What are vaccines and what are they used for?

Vaccines are medicinal products used to prevent infectious diseases and the secondary diseases, disabilities and deaths associated with them. Vaccines protect the individual from infectious diseases and thus reduce the spread of pathogens in the population. The individual protection provided by vaccination depends on a number of factors, including the characteristics of the pathogen, the vaccine and the person being vaccinated. Sometimes the vaccinated person may fall ill despite having received the vaccine, but in these cases their symptoms are usually milder.

Thanks to vaccinations, many infectious diseases, as well as the associated secondary diseases and complications, have become rare in Finland or have even disappeared entirely.

How can marketing authorisation be obtained for a vaccine?

As with other medicinal products, there must be research-based evidence of a vaccine’s effectiveness and safety in order for it to obtain a marketing authorisation.

In practice, vaccines are developed first in the laboratory, then with animal testing, and then with phases 1 to 3 of clinical trials using volunteers. During the trials carried out on people in the third stage, the focus is particularly on the effectiveness and safety of the vaccine.

Before granting marketing authorisation, the medicinal authorities assess whether the benefits of the product indicated by the research is significant enough in comparison to the possible harm for the product to be granted marketing authorisation on this basis.

In addition, precise quality standards are required for the vaccine production process, and these are monitored by the medicinal authorities.

Composition of vaccines

Vaccines contain the active substance as well as excipients which are needed for purposes such as obtaining the right composition and ensuring the preservability of the vaccine. In some vaccines, one of the excipients is an adjuvant, which improves the vaccine so that it provides better or longer-lasting protection. Aluminium compounds, for example, are sometimes used as adjuvants. In any particular vaccine dose that contains this adjuvant, the quantity of aluminium is very small. The ingredients of vaccines that have received marketing authorisation are listed in the summary of product characteristics and the package leaflet.

The national vaccination programme

The goal of the national vaccination programme is to protect Finnish citizens as well as possible from diseases that are preventable through vaccination. The national vaccination programme only uses vaccines that have a marketing authorisation, and the vaccinations are voluntary and free of charge. The vaccines within the vaccination programme are funded from the state budget.

The Ministry of Social Affairs and Health is responsible for making decisions on the vaccines of the national vaccination programme. The Finnish Institute for Health and Welfare (THL) develops the national vaccination programme, consults the national vaccines expert group (KRAR), and monitors and assesses the impact of vaccines on the population as a whole. THL also distributes the vaccines of the national vaccination programme to the different municipalities. The municipalities are then responsible for administering these vaccines. Further information can be found on the THL website (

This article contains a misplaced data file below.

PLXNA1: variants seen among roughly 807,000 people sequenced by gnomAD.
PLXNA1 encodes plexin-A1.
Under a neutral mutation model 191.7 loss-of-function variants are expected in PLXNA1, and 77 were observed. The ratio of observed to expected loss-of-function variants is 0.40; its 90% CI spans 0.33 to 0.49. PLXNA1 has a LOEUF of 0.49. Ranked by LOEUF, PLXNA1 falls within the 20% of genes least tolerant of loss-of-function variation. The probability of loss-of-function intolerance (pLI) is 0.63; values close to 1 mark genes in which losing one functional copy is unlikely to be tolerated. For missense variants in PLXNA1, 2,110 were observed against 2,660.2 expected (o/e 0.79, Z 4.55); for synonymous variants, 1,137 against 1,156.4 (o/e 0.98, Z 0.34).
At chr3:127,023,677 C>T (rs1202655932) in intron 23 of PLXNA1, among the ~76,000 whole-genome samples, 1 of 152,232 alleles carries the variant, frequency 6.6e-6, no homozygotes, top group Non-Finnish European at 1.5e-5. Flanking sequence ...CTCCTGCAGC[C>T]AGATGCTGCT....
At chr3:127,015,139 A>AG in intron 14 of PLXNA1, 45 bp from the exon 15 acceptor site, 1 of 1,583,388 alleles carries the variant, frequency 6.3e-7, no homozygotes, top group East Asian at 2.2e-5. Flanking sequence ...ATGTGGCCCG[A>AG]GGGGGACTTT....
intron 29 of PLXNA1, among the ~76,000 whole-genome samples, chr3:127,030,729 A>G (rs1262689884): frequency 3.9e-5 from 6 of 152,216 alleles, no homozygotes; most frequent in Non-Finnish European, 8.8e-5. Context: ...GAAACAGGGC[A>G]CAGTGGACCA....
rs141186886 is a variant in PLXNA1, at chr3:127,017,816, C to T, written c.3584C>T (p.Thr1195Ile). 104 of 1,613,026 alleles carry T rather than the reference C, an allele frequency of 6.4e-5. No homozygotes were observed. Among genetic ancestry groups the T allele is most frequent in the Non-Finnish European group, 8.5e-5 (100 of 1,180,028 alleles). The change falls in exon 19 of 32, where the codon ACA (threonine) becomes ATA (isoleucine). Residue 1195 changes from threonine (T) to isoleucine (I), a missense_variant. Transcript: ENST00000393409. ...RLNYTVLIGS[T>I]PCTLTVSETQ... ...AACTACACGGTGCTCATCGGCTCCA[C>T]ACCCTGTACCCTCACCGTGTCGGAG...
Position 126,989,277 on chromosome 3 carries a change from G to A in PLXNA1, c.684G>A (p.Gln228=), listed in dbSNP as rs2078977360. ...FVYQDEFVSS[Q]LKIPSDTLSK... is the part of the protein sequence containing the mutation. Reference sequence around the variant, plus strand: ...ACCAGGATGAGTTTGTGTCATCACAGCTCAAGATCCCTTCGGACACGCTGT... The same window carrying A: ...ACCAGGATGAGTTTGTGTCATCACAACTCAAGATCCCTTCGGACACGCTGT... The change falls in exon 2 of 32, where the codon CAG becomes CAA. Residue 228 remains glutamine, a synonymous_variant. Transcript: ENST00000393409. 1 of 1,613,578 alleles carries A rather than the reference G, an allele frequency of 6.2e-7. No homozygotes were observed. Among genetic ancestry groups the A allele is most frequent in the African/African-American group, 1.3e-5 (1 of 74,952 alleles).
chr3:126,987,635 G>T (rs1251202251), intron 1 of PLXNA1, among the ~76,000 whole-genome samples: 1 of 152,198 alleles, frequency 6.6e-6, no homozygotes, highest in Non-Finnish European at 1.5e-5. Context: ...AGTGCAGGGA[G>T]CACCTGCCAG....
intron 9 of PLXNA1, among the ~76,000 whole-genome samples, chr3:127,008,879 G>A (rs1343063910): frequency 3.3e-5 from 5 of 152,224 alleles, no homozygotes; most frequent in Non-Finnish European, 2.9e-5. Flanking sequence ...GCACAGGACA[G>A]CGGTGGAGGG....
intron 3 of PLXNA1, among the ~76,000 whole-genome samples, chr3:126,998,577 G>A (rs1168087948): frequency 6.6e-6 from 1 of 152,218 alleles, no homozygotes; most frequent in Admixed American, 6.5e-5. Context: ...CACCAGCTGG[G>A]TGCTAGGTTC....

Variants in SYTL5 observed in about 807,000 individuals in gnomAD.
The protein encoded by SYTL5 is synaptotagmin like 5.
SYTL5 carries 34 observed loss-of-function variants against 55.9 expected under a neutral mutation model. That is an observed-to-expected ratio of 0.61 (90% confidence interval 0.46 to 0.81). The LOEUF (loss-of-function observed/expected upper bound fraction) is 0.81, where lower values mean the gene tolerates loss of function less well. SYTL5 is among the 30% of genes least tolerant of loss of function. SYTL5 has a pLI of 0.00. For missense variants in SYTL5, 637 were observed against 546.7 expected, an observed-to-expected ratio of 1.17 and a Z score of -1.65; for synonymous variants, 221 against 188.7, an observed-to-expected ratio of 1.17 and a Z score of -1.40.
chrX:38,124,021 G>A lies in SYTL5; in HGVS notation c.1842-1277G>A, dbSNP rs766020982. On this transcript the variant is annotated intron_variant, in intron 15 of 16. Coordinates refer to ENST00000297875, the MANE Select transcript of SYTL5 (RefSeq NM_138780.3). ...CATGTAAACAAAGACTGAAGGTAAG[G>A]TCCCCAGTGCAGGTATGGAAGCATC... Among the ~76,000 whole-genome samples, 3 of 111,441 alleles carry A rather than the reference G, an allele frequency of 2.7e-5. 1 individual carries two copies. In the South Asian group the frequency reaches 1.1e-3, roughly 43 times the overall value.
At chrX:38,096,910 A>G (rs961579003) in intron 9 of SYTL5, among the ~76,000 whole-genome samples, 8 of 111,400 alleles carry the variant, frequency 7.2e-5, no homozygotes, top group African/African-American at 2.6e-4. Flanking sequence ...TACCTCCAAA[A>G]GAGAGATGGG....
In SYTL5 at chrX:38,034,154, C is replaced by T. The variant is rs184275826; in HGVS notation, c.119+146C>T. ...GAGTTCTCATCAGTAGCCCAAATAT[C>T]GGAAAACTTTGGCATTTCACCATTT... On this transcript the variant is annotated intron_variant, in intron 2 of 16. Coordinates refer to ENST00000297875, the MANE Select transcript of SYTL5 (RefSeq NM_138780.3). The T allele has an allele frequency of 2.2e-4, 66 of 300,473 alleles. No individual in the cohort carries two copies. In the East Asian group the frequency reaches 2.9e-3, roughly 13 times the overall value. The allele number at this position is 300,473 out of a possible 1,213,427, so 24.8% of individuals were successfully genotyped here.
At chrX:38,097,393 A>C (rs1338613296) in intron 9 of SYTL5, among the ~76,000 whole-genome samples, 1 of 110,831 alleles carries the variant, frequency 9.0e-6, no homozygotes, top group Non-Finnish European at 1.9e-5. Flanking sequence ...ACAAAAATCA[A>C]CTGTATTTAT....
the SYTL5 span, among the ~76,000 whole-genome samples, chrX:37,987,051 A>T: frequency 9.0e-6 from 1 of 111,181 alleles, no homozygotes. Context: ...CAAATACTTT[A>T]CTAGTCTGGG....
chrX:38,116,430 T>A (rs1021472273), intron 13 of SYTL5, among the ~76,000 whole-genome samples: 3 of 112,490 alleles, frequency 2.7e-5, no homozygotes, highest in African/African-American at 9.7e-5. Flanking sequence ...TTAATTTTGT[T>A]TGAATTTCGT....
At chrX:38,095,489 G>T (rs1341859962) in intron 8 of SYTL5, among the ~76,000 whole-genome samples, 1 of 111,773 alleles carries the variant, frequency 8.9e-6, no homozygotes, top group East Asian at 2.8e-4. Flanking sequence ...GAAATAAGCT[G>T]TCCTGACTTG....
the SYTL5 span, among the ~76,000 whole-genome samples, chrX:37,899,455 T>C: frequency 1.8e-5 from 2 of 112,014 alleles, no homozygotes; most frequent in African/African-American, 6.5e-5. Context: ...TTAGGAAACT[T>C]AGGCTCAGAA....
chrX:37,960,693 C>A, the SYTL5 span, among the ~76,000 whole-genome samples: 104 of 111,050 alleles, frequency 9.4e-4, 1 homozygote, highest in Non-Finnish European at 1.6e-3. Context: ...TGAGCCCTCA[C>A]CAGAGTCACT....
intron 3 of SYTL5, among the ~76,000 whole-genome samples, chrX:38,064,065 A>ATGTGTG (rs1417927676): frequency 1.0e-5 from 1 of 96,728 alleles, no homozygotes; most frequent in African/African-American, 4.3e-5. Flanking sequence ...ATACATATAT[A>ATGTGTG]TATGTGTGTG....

Acquiring vaccines that are not part of the national vaccination programme

The national vaccination programme does not include all vaccines. Vaccines can also be purchased with a doctor’s prescription and then obtained from a health centre. Vaccinations can also be obtained from a private health clinic, for example before travelling abroad.

Report to the Finnish Medicines Agency any adverse reactions to vaccines

All vaccinations are associated with some kinds of adverse reactions, the most common of which are local reactions such as redness at the injection site itself. The rarest adverse reactions cannot be determined before the vaccine has seen widespread use in the population.

The safety of vaccines is continually monitored in a comprehensive manner based on information such as reports of adverse effects, and so it is important to report to the Finnish Medicines Agency (Fimea) any suspected adverse effects that are encountered. The primary purpose of the reporting system is to detect adverse effects that are previously unidentified and rare. As such, Fimea would like to receive reports particularly on adverse effects that are not mentioned in the vaccine’s package leaflet. Reports of suspected adverse effects of vaccines are submitted using the form provided by Fimea for reporting adverse effects.

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